Synapse pathology is common to a variety of neurodegenerative and neurodevelopmental diseases. For many such disorders, including schizophrenia and autism spectrum disorders, changes in synapse composition are suspected to be causally related to some of the most devastating symptoms. Synapses throughout the brain share key structural proteins evidenced by their similar, readily identified structure as see through an electron microscope, but they are also very heterogeneous: only a handful of synapse components is known to be shared by all synapses. Presynaptic membranes adhere to postsynaptic membranes in an exceptionally strong interaction, resistant to disassembly. This interaction can withstand tissue fractionation and has been exploited over the past several decades to purify synaptosomes: pre- to postsynaptic adhesions and attached membranes that re-seal to make an enclosed synaptic organelle. Current proteomics studies have utilized synaptosomes or subfractions of such preparations to assess synapse composition. While this supports the feasibility of using synaptosomes for proteomics-based comparisons, the resulting large datasets have not been very useful since they reflect a highly complex starting material containing an enormously heterogeneous population of synapses. Synapse heterogeneity is based largely on differences in connectivity, but currently there are no methodologies available that can be used to interrogate and analyze differences between identified synapse populations. Here we propose a novel and straightforward method based on the mammalian GFP reconstitution across synaptic partners technique that will enable proteomic comparisons between identified synapse populations in health and disease. We have assembled a team to test this using well- defined synaptic circuits. This approach will be a major step forward as it wll permit a rapid, large-scale assessment of particular synapse populations that can be isolated from complex circuits.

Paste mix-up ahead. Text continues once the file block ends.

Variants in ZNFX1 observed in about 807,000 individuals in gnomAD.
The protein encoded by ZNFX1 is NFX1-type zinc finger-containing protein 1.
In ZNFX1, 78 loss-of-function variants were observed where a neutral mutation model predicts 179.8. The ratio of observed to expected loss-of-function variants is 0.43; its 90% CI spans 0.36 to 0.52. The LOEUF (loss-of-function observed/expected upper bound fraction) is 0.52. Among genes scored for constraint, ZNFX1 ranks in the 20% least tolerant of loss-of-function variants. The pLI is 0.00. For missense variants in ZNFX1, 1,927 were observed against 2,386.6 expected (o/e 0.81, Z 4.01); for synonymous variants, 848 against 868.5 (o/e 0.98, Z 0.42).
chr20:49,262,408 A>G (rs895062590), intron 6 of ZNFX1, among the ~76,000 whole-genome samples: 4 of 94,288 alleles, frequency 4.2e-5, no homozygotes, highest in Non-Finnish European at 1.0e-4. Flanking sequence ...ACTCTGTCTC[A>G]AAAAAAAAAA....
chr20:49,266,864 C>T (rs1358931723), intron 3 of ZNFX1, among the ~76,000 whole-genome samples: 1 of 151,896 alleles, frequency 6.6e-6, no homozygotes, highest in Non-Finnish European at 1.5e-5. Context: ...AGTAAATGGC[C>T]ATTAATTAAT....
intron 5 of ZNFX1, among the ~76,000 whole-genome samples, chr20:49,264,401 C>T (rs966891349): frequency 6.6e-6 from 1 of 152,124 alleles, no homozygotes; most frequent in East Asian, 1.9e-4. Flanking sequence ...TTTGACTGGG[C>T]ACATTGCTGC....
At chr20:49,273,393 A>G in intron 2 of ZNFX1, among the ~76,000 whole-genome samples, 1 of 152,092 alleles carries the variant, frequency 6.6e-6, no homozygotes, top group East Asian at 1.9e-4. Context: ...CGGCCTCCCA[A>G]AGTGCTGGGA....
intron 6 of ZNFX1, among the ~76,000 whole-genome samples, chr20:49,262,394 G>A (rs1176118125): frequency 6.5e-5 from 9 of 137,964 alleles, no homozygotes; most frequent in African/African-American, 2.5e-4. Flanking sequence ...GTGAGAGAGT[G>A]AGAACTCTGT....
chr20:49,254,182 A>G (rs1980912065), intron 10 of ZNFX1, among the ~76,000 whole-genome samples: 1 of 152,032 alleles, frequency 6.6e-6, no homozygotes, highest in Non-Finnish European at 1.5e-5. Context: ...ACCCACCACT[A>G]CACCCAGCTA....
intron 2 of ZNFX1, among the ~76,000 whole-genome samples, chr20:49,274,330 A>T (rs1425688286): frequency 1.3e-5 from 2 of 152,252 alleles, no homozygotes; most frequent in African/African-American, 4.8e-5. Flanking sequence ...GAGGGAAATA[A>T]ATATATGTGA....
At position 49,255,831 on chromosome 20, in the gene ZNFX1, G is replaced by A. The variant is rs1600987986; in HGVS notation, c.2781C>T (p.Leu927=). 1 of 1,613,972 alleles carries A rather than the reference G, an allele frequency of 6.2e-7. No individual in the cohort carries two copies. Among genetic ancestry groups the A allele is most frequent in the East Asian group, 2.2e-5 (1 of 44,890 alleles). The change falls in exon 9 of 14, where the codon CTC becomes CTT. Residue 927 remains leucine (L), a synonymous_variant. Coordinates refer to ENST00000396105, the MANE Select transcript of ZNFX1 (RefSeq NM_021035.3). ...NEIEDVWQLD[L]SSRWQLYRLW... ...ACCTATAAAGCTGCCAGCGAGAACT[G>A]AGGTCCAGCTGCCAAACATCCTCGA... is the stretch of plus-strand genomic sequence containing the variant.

Synapse pathology is common to a variety of neurodegenerative and neurodevelopmental diseases. The proposed studies will develop methodologies designed to identify the entire set of proteins, the proteome, expressed at the synapses of an identified circuit. This will enable future studies in which changes in protein composition at specified synapses can be evaluated in mouse models relevant to human brain disorders, an important step toward identifying relevant targets for therapy.
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